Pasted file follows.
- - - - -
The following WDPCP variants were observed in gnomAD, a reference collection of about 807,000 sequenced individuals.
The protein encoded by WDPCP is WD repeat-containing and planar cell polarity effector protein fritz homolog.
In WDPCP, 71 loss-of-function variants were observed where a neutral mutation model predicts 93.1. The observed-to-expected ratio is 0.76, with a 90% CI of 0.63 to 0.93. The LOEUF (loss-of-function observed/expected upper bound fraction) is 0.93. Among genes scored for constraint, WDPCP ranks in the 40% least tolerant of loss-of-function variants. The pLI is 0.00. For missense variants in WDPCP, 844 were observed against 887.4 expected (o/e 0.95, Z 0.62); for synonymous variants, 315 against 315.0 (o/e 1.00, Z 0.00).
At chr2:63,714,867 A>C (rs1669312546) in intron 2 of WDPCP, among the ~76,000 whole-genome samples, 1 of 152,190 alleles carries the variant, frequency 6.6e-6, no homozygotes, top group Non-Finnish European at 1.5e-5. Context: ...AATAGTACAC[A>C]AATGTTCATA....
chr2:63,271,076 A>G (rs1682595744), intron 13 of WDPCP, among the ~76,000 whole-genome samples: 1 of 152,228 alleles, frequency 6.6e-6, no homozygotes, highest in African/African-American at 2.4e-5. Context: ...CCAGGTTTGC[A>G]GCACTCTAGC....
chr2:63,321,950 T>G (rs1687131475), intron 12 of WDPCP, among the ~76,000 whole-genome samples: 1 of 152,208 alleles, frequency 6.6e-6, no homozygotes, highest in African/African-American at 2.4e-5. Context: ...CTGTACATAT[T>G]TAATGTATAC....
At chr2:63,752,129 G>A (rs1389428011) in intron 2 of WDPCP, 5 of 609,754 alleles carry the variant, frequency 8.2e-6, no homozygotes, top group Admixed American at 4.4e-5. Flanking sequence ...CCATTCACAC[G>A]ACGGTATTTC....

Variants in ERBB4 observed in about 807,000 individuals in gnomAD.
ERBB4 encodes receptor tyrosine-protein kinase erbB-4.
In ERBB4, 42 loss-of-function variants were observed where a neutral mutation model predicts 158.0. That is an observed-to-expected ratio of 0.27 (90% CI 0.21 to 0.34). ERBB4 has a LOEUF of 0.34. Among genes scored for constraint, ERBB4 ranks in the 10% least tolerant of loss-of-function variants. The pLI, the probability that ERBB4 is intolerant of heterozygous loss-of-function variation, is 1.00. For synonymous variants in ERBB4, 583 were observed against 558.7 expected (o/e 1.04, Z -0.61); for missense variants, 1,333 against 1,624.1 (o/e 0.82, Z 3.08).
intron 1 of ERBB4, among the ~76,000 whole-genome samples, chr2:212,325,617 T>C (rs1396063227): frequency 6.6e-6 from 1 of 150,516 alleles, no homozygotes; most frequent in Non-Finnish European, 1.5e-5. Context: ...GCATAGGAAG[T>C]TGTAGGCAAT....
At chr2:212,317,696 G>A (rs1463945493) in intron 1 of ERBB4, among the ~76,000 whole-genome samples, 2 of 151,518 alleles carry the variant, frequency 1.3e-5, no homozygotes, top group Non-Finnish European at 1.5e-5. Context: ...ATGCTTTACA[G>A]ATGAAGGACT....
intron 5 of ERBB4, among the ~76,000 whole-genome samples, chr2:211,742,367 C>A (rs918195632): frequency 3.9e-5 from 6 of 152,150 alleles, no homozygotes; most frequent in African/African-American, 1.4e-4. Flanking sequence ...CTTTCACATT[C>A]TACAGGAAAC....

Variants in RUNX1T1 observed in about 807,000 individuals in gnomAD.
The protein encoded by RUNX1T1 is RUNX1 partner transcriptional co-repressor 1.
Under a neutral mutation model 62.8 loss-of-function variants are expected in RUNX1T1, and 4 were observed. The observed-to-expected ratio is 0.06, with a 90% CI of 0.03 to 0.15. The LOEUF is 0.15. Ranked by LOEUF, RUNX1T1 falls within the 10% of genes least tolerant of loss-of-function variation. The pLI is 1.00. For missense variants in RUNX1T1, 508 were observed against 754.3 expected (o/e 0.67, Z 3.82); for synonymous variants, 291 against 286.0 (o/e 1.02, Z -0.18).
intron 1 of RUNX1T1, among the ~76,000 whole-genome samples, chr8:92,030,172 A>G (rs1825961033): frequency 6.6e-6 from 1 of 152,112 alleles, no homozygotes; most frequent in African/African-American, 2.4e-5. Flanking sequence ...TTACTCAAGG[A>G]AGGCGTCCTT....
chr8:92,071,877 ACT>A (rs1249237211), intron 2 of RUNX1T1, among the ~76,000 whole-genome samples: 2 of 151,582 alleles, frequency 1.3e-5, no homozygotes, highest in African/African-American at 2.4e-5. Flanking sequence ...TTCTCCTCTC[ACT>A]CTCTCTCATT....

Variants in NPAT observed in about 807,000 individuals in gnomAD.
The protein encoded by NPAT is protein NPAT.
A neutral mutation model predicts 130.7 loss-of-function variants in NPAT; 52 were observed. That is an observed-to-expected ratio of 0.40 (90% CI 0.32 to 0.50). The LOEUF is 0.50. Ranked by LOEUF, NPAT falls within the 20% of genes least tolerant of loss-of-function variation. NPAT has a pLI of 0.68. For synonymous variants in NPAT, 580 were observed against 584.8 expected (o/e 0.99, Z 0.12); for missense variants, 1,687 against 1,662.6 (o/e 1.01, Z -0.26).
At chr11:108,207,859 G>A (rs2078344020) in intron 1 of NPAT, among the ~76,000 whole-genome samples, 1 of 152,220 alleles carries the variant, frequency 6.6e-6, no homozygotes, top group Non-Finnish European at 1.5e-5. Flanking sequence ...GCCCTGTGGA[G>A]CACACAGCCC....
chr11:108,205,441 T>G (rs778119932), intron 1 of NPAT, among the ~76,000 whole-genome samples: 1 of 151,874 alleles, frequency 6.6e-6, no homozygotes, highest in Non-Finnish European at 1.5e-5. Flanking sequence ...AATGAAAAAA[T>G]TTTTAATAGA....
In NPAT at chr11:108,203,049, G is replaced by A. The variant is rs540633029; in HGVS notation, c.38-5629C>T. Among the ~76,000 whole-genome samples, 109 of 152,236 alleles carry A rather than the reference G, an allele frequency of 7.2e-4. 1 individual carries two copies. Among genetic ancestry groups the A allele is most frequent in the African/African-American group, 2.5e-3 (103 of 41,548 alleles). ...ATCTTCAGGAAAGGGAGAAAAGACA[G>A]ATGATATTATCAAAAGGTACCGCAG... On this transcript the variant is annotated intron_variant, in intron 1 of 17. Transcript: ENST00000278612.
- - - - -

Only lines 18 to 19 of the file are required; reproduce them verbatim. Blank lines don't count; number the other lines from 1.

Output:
chr8:92,071,877 ACT>A (rs1249237211), intron 2 of RUNX1T1, among the ~76,000 whole-genome samples: 2 of 151,582 alleles, frequency 1.3e-5, no homozygotes, highest in African/African-American at 2.4e-5. Flanking sequence ...TTCTCCTCTC[ACT>A]CTCTCTCATT....

Variants in NPAT observed in about 807,000 individuals in gnomAD.